As the ideological attack on the arts continues apace, the theatres of our region are continuing to provide some high quality work. If you need an argument for the value of public funding for the arts, you don’t need to look much further than the programmes for our theatres and the autumn seasons coming up.
Sheffield, the heavyweight of our producing theatres in the region has lined up another season of real high quality.
A member of a theatrical dynasty, Freddie Fox, will star in a new production of Romeo and Juliet. Before you start to think “not again”, there are two things to remember. First, the production is directed by Jonathan Humphreys, the director who brought The Village Bike and Happy Days to the theatre – the production is in safe hands. There’s also the small issue that we don’t really see these Shakespeare classics nearly as much as we might suspect. As Sheffield Theatres’ artistic director Daniel Evans says, it’s the first production of Romeo and Juliet at the theatre in 20 years. I imagine I’m not alone in being incredibly excited to see the show in the autumn line-up.
Since he took over as artistic director in 2010, Evans has truly made the theatre his own. Intelligent, challenging programming has been at the heart of that, the fact that he’s appeared on stage at the theatre several times has helped, but what has really sealed his reputation have been his spectacular, deservedly five-star productions of musicals at Christmas time. From Oliver! to My Fair Lady, he appears to have a midas touch. This year, it’s Show Boat.
“I’m looking forward to directing a seminal work of American musical theatre, Show Boat, which will be our most ambitious Christmas production to date.”
The theatre is also continuing its strand of regional premieres with Deborah Bruce’s play The Distance, a hit for the Orange Tree Theatre last year. It will also be celebrating the Sheffield theatre company, Third Angel, as it reaches its 20th birthday. A genuinely brilliant company, Third Angel will be staging Presumption at the theatre during the autumn.
Another big Shakespeare is being brought to several Yorkshire stages by the ever brilliant company Northern Broadsides. Subtlety has never been the name of the game for the Barrie Rutter-led theatre company. You might even call it In Yer Face Shakespeare. That categorically doesn’t mean that it lacks nuance.
Broadsides mine the work of the Bard to strip away the unnecessary and leave audiences with a direct link to the muscularity of the language. I expect the trick to be repeated when Broadsides brings The Winter’s Tale to the stage with Conrad Nelson directing. A highly intelligent translator of Shakespeare for the stage, he has decided to set the action on New Year’s Eve and span 16 years. Last month Nelson told me why he decided to set it at that specific time – the idea of New Year’s Eve being a fulcrum moment is a key element. Whatever else it is going to be, this production will be thoroughly interrogated and presented with real clarity. The show opens at Harrogate Theatre on September 18 before touring nationally and visiting venues including the Lawrence Batley Theatre in Huddersfield, the Stephen Joseph Theatre in Scarborough, and the Broadsides’ home theatre, the Viaduct, Halifax, in November.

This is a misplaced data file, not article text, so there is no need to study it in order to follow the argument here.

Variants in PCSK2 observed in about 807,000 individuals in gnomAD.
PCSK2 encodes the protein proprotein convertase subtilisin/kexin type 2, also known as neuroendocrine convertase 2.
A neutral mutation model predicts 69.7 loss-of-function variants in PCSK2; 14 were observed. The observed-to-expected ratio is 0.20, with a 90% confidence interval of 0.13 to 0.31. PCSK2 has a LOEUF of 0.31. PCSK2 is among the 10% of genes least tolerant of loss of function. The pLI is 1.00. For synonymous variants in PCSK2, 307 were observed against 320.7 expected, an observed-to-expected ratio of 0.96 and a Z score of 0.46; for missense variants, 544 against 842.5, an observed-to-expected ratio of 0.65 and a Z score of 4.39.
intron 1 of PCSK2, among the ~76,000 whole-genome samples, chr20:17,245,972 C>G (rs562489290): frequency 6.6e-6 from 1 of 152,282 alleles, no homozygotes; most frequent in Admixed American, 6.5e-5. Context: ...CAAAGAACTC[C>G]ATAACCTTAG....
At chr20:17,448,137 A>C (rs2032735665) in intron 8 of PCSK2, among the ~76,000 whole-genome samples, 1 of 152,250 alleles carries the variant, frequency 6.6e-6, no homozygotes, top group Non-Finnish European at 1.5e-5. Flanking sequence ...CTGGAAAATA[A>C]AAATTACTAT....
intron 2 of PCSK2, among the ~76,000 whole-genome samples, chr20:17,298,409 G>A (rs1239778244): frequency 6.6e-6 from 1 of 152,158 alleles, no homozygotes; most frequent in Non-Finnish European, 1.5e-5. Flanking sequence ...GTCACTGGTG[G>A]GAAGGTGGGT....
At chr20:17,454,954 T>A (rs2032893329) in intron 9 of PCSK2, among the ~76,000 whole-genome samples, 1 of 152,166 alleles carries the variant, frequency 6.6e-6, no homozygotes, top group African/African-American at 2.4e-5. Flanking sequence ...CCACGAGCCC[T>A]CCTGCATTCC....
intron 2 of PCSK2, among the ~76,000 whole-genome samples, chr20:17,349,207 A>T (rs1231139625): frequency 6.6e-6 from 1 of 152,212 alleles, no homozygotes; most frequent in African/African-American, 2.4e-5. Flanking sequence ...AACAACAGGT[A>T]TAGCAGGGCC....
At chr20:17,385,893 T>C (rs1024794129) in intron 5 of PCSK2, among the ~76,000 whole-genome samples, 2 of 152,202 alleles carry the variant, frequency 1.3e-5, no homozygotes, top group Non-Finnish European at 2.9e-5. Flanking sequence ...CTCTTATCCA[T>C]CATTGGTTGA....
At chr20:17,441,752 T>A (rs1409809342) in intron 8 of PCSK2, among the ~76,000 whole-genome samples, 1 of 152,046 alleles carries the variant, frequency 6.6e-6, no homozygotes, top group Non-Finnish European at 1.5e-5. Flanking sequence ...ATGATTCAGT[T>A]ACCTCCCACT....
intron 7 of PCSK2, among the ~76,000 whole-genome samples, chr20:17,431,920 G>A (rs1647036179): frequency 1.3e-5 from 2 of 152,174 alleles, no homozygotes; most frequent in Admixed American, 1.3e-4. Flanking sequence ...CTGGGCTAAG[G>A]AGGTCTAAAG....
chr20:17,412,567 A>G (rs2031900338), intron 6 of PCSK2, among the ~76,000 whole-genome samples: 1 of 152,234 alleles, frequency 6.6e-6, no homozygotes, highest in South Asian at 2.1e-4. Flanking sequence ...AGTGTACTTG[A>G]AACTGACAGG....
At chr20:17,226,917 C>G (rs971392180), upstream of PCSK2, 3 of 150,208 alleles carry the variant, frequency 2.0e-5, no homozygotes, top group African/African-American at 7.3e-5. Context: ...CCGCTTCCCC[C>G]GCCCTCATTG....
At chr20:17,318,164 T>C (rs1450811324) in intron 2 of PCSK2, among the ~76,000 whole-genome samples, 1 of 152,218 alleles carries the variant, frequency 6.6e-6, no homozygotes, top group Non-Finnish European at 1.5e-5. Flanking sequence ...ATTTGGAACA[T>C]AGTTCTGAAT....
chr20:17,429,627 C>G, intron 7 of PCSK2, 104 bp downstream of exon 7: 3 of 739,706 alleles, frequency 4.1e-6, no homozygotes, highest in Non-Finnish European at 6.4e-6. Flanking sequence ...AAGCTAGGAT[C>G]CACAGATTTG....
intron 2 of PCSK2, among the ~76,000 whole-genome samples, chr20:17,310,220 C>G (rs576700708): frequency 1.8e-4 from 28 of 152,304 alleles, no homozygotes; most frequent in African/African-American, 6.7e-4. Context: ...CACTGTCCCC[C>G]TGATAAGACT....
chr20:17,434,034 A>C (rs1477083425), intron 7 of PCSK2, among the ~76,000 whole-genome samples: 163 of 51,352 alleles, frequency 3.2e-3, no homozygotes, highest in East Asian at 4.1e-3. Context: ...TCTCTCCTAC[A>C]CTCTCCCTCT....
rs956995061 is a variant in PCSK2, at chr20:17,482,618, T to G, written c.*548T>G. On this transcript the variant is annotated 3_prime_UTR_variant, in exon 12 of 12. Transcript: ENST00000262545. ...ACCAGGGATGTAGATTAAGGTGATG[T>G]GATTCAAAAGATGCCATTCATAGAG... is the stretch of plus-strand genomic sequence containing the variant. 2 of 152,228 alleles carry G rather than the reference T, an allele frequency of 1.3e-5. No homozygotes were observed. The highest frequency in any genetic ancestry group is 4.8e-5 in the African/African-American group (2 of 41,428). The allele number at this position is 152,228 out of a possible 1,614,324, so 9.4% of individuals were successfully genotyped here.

Also in Harrogate this autumn, audiences will be able to continue enjoying a bijou comedy festival that has quickly become a favourite among comedians. Now in its seventh year, the festival will feature stand-up – obviously and, less obviously: magic, cabaret, beatboxing and sock puppets. Comedians visiting the various venues in October are comedians including Nick Helm, Jimmy Carr, Josh Widdicombe, and the legend that is Tim Brooke-Taylor.
Beside the festival, the theatre will also play host to a production of Waiting for Godot. The increasingly interestingly programmed Studio Theatre will host a number of productions from emerging theatre companies, including a staging of The Ragged Trousered Philanthropist by Townsend Productions.
Some might be surprised to see Jim Davidson appearing on the bill at Wakefield Theatre Royal this autumn, but there will also be comedy with wit and intelligence on display when John Godber’s Poles Apart shares its world premiere at the venue on September 9. The ever popular Demon Barbers will be visiting the venue and Wakefield is staging what will be a really special evening to say goodbye to the chief executive of the venue over the past 17 years when it stages An Evening With Murray and Friends on September 17. Chris Hannon will be back to appear in pantomime, this year the show is Dick Whittington.
Speaking of pantomime, you can probably guess who appears in the Bradford Alhambra’s panto this year. Billy Pearce will be joined by Lisa Riley for this year’s Jack and the Beanstalk.
The theatre will also be playing host to a three-week long run of the musical Shrek, which is bound to be popular and will be followed for a single-week run at the theatre from Annie, starring Craig Revel Horwood as Miss Hannigan – except for Saturdays. Apparently he has a dancing show on the BBC on Saturdays, so Lesley Joseph will be stepping into his shoes.
There are several other highlights, but the ones really not to miss are a return of dance company Rambert and Rebecca, adapted from Daphne du Maurier’s novel by the inimitable Kneehigh Theatre Company.
If there really needs to be any stronger argument for the funding of our theatres than this list, there’ll be another next week – we haven’t the space to do justice to all the productions you can see, so next week we’ll look at the autumn season at some of the other venues around the county.